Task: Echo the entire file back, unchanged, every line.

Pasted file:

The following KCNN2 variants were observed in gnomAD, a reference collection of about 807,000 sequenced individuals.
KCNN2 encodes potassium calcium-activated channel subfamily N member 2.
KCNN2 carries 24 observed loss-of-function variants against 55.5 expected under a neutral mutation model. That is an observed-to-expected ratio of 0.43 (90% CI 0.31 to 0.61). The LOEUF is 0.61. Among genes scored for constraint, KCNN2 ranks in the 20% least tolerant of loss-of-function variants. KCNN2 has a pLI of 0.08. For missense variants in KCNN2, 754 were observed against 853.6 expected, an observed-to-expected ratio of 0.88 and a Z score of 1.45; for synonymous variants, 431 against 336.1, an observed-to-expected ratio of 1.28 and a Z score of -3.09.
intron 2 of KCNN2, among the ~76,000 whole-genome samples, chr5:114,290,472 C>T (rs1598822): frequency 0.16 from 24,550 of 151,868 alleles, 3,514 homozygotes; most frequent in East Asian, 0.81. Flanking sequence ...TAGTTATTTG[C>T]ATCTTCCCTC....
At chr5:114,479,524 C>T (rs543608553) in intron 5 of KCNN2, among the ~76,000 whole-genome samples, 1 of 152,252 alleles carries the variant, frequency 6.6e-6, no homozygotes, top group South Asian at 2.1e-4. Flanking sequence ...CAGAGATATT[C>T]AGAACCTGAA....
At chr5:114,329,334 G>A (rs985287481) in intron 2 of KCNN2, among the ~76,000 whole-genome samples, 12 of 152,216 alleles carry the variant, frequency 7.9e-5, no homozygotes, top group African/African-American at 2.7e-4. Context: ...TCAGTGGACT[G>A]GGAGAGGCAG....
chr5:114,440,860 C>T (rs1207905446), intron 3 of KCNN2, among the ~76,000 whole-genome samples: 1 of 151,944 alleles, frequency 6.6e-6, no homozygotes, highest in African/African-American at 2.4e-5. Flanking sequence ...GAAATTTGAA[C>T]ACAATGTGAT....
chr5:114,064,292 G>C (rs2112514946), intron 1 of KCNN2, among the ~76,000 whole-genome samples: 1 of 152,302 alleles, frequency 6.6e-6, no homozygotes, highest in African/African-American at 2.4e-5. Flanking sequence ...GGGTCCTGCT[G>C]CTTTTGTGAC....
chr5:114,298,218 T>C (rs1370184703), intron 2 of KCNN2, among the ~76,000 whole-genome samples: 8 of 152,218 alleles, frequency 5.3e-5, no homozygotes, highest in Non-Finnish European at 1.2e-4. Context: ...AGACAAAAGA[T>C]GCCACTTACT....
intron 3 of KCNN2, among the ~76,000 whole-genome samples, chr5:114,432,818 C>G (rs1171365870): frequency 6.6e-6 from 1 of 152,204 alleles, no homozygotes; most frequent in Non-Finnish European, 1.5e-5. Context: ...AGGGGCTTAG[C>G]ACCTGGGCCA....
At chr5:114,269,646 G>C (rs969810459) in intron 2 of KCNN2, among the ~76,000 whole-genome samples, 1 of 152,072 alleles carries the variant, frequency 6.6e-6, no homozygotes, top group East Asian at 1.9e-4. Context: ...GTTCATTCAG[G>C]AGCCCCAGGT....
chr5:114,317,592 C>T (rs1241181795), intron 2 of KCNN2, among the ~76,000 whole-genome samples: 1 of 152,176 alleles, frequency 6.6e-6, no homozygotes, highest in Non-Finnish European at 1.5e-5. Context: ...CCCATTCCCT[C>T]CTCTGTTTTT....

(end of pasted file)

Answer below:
The following KCNN2 variants were observed in gnomAD, a reference collection of about 807,000 sequenced individuals.
KCNN2 encodes potassium calcium-activated channel subfamily N member 2.
KCNN2 carries 24 observed loss-of-function variants against 55.5 expected under a neutral mutation model. That is an observed-to-expected ratio of 0.43 (90% CI 0.31 to 0.61). The LOEUF is 0.61. Among genes scored for constraint, KCNN2 ranks in the 20% least tolerant of loss-of-function variants. KCNN2 has a pLI of 0.08. For missense variants in KCNN2, 754 were observed against 853.6 expected, an observed-to-expected ratio of 0.88 and a Z score of 1.45; for synonymous variants, 431 against 336.1, an observed-to-expected ratio of 1.28 and a Z score of -3.09.
intron 2 of KCNN2, among the ~76,000 whole-genome samples, chr5:114,290,472 C>T (rs1598822): frequency 0.16 from 24,550 of 151,868 alleles, 3,514 homozygotes; most frequent in East Asian, 0.81. Flanking sequence ...TAGTTATTTG[C>T]ATCTTCCCTC....
At chr5:114,479,524 C>T (rs543608553) in intron 5 of KCNN2, among the ~76,000 whole-genome samples, 1 of 152,252 alleles carries the variant, frequency 6.6e-6, no homozygotes, top group South Asian at 2.1e-4. Flanking sequence ...CAGAGATATT[C>T]AGAACCTGAA....
At chr5:114,329,334 G>A (rs985287481) in intron 2 of KCNN2, among the ~76,000 whole-genome samples, 12 of 152,216 alleles carry the variant, frequency 7.9e-5, no homozygotes, top group African/African-American at 2.7e-4. Context: ...TCAGTGGACT[G>A]GGAGAGGCAG....
chr5:114,440,860 C>T (rs1207905446), intron 3 of KCNN2, among the ~76,000 whole-genome samples: 1 of 151,944 alleles, frequency 6.6e-6, no homozygotes, highest in African/African-American at 2.4e-5. Flanking sequence ...GAAATTTGAA[C>T]ACAATGTGAT....
chr5:114,064,292 G>C (rs2112514946), intron 1 of KCNN2, among the ~76,000 whole-genome samples: 1 of 152,302 alleles, frequency 6.6e-6, no homozygotes, highest in African/African-American at 2.4e-5. Flanking sequence ...GGGTCCTGCT[G>C]CTTTTGTGAC....
chr5:114,298,218 T>C (rs1370184703), intron 2 of KCNN2, among the ~76,000 whole-genome samples: 8 of 152,218 alleles, frequency 5.3e-5, no homozygotes, highest in Non-Finnish European at 1.2e-4. Context: ...AGACAAAAGA[T>C]GCCACTTACT....
intron 3 of KCNN2, among the ~76,000 whole-genome samples, chr5:114,432,818 C>G (rs1171365870): frequency 6.6e-6 from 1 of 152,204 alleles, no homozygotes; most frequent in Non-Finnish European, 1.5e-5. Context: ...AGGGGCTTAG[C>G]ACCTGGGCCA....
At chr5:114,269,646 G>C (rs969810459) in intron 2 of KCNN2, among the ~76,000 whole-genome samples, 1 of 152,072 alleles carries the variant, frequency 6.6e-6, no homozygotes, top group East Asian at 1.9e-4. Context: ...GTTCATTCAG[G>C]AGCCCCAGGT....
chr5:114,317,592 C>T (rs1241181795), intron 2 of KCNN2, among the ~76,000 whole-genome samples: 1 of 152,176 alleles, frequency 6.6e-6, no homozygotes, highest in Non-Finnish European at 1.5e-5. Context: ...CCCATTCCCT[C>T]CTCTGTTTTT....